FDA Approval Sought for Avapritinib in Advanced Systemic Mastocytosis

December 18, 2020 - A supplemental new drug application has been submitted to the FDA for avapritinib for use as a treatment in adult patients with advanced systemic mastocytosis.

A supplemental new drug application has been submitted to the FDA for avapritinib (Ayvakit) for use as a treatment in adult patients with advanced systemic mastocytosis (SM), according to an announcement from Blueprint Medicines Corporation.1

The company has requested priority review for the selective inhibitor of D816V mutant KIT. If granted by the regulatory agency, the agent could undergo a 6-month review process. The FDA has a filing review period of 60 days, which they will use to evaluate whether the application is complete and satisfactory for filing.

“Today’s submission is an important step toward our goal of bringing [avapritinib] to patients with advanced SM, a debilitating and life-threatening rare disease,” Fouad Namouni, MD, president of Research & Development at Blueprint Medicines Corporation, stated in a press release.

“Our application is based on an unprecedented clinical dataset in this disease, which showed that patients receiving [avapritinib] had high overall response and complete remission rates, with prolonged survival, and the treatment was generally well tolerated,” Namouni added. “We look forward to working closely with the FDA during the review, as we seek to introduce the first precision therapy targeting the underlying cause of SM.”

Previously, results from a phase 1 trial showed that the selective KIT inhibitor elicited a high response rate with favorable tolerability in patients with advanced SM.2

The phase 1 trial was conducted in 2 parts; the first portion was dedicated to identifying the recommended phase 2 dose of the agent, while the second portion was to examine its preliminary activity.

Part 1 of the trial utilized a standard 3+3 dose-escalation design. To be eligible for participation, patients had to have advanced SM, which could include aggressive SM, SM with an associated hematologic neoplasm (SM-AHN) or mast cell leukemia (MCL), or other myeloid neoplasm.

Notably, no restrictions were in place with regard to previous treatments for both portions of the trial. Patients were, however, required to have a “C-finding” of organ damage based on World Health Organization criteria but not on modified International Working Group Myeloproliferative Neoplasms Research and European Competence Network on Mastocytosis response criteria.

In the trial, patients received oral avapritinib starting at a dose of 30 mg; patients received treatment once daily, continuously, in 28-day treatment cycles. Investigators evaluated for efficacy on day 1 of cycles 3, 7, 11, and 18 through the use of bone marrow biopsy and liver and spleen imaging for volume assessment; after cycle 18, these assessments were done every 6 months.

At the data cutoff of April 10, 2017, 37 patients received treatment in the first portion of the trial; 17 patients had aggressive SM, 9 had SM-AHN, 3 had MCL, 2 had smoldering SM, and 1 had other. Eighty-eight percent of these patients harbored a KIT D816V mutation, and 69% had received previous treatment for SM. Four patients and previously received midostaurin.

Participants received avapritinib at daily doses ranging from 30 mg to 400 mg. No maximum-tolerated dose of the agent had been reached, but the recommended phase 2 dose was determined to be 300 mg daily.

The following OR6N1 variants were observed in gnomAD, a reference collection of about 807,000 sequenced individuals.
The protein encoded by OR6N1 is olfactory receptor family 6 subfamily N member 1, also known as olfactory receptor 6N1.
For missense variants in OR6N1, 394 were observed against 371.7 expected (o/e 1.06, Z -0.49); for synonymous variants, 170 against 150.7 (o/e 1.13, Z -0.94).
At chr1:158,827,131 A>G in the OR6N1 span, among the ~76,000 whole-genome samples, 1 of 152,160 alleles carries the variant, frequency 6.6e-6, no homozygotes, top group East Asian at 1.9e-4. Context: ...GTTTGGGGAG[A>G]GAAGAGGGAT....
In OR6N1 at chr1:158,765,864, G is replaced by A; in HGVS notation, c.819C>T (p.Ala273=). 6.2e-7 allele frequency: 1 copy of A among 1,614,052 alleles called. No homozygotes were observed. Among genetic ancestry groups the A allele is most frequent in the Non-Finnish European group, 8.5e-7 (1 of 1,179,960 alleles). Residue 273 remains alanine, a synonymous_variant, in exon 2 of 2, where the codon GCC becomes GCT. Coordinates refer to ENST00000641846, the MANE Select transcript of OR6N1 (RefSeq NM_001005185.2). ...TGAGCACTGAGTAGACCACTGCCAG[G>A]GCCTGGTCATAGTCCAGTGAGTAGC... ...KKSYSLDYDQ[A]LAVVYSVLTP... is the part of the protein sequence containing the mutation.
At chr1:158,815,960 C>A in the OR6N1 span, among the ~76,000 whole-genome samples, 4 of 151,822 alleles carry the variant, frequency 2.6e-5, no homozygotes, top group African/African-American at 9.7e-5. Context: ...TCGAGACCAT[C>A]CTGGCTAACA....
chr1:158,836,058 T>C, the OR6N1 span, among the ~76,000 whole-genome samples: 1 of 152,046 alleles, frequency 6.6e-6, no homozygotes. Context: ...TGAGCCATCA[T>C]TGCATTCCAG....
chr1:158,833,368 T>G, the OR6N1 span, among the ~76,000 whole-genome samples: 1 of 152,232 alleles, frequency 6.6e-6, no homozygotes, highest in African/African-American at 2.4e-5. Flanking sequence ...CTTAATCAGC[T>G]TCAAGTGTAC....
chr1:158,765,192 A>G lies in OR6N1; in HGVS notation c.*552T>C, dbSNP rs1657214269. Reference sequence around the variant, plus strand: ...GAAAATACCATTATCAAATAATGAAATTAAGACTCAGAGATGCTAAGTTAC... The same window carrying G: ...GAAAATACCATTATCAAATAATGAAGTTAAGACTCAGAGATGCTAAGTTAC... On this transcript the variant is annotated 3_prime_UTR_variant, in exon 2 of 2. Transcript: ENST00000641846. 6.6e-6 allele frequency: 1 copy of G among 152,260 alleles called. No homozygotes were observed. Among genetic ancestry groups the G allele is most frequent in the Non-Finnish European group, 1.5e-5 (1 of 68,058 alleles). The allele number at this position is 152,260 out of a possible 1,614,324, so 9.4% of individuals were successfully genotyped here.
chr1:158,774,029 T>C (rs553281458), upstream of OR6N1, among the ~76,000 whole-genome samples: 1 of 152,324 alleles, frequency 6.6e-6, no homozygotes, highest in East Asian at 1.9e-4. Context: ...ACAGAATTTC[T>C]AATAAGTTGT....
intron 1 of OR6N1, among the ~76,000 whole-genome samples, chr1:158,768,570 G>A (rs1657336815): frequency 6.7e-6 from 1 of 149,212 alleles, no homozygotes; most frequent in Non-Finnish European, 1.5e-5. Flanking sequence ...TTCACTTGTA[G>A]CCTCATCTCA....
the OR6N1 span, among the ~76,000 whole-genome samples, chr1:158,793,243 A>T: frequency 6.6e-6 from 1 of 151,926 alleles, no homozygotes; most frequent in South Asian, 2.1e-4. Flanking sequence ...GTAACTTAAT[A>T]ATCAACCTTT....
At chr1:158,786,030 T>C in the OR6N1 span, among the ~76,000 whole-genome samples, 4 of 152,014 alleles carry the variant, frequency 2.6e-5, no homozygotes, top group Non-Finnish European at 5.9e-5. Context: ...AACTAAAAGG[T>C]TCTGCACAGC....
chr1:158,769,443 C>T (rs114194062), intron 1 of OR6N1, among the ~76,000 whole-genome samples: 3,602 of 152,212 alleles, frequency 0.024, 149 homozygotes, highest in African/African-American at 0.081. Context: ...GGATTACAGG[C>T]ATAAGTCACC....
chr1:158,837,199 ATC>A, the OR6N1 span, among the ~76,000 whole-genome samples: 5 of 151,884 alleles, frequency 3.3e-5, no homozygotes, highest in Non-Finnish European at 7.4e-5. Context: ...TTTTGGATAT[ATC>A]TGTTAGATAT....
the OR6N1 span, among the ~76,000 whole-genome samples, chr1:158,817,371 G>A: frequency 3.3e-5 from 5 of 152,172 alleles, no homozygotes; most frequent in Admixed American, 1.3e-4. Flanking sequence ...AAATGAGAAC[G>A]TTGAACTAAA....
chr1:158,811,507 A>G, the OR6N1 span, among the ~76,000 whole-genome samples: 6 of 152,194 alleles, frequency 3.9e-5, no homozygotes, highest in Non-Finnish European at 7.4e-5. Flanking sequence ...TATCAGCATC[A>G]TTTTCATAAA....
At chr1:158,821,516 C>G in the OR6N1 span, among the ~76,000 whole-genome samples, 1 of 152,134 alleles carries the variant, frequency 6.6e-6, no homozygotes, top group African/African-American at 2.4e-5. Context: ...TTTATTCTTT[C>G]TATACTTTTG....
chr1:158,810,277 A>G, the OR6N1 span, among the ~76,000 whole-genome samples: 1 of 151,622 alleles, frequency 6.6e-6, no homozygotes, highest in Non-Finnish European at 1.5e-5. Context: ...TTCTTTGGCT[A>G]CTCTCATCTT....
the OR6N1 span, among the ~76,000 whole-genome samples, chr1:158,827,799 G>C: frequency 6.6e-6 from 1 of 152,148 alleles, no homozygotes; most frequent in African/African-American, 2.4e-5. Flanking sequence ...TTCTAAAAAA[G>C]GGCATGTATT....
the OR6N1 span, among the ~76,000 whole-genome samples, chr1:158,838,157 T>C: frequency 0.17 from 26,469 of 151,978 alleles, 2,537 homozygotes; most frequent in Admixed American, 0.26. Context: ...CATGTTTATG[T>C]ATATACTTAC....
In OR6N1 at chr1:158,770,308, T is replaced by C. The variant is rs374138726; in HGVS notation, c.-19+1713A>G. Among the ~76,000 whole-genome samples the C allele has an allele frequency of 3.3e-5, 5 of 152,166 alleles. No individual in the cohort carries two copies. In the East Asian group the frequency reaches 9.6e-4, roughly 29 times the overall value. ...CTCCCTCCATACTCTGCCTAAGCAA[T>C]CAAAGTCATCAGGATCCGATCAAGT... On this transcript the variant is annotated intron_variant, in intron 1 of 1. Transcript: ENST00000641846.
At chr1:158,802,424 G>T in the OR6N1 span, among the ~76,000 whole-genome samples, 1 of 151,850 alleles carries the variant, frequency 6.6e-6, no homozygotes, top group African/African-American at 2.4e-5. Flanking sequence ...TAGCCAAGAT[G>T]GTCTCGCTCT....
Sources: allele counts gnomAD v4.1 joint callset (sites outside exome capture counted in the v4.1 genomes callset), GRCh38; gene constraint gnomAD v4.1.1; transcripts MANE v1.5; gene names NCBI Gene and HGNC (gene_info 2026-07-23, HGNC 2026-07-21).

Efficacy results indicated that the overall response rate in all patients examined was 72%. Among the subgroups of patients, the highest ORR achieved with avapritinib was 86% in those with advanced SM, followed by 67% in those with MCL and 63% in those with SM-AHN.

Normalization, defined as a complete response, or at least a 50% reduction from baseline, defined as a partial response, was observed in bone marrow mast cells, at 58% (n = 15/26) and 23% (n = 6/26), respectively. With regard to tryptase, these rates were 60% (n = 15/25) and 40% (n = 10/25), respectively, and for splenomegaly these rates were 55% (n = 6/11) and 36% (n = 4/11), respectively.

Moreover, KIT D816V mutation allele frequency was reduced by at least 50% in 73% (n = 19/26) of patients, and 87% (n = 13/15) of patients experienced improvement in cutaneous mastocytosis.

The most frequently reported toxicities included periorbital edema (59%), fatigue (41%), peripheral edema (34%), nausea (28%), anemia (28%), and thrombocytopenia (28%). Only 1 grade 3 or 4 adverse effect was reported in at least 1 patient, and that was neutropenia (13%).

Forty-one percent of patients experienced dose reductions and 2 patients discontinued treatment. However, no treatment discontinuations were due to toxicity.

Previously, the FDA granted a breakthrough therapy designation to avapritinib for use in patients with advanced SM, including subtypes of aggressive SM, SM-AHN, and MCL. The kinase inhibitor has regulatory approval in the United States for use in adults with unresectable or metastatic gastrointestinal stromal tumor that harbors a PDGFRA exon 18 mutation; it is also approved for use in Europe for this indication.


1. Blueprint Medicines submits supplemental new drug application to FDA for AYVAKIT (avapritinib) for the treatment of advanced systemic mastocytosis. News release. Blueprint Medicines Corporation. December 17, 2020. Accessed December 18, 2020. http://prn.to/3mvRjMi.

2. Deininger MW, Gotlib J, Robinson WA, et al. Avapritinib (BLU-285), a selective KIT inhibitor, is associated with high response rate and tolerable safety profile in advanced systemic mastocytosis (ADVSM): results of a phase 1 study. Presented at 2018 EHA Congress; June 15, 2018. Poster PFS612. http://bit.ly/3aocPjF.